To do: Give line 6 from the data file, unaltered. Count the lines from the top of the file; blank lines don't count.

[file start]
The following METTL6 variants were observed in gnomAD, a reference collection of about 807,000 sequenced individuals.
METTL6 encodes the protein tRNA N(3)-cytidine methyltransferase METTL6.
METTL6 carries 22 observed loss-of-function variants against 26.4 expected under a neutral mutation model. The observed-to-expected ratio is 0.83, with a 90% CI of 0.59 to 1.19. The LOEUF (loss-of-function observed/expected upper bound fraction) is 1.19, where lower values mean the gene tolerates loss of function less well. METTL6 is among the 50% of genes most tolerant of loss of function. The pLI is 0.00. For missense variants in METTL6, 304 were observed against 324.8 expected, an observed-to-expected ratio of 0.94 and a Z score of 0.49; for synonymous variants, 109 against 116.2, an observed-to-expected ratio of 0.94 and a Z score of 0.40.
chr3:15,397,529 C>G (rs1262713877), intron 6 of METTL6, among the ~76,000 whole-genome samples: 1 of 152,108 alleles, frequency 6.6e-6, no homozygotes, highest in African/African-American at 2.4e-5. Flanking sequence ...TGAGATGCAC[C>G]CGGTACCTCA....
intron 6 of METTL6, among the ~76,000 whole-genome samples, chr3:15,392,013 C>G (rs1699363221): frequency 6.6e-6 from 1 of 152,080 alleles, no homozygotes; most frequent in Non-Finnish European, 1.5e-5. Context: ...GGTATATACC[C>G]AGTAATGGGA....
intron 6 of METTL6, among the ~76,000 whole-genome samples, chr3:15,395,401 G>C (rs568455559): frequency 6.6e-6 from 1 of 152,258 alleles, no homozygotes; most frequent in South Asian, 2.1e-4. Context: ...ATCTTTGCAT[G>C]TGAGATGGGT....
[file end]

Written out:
intron 6 of METTL6, among the ~76,000 whole-genome samples, chr3:15,395,401 G>C (rs568455559): frequency 6.6e-6 from 1 of 152,258 alleles, no homozygotes; most frequent in South Asian, 2.1e-4. Context: ...ATCTTTGCAT[G>C]TGAGATGGGT....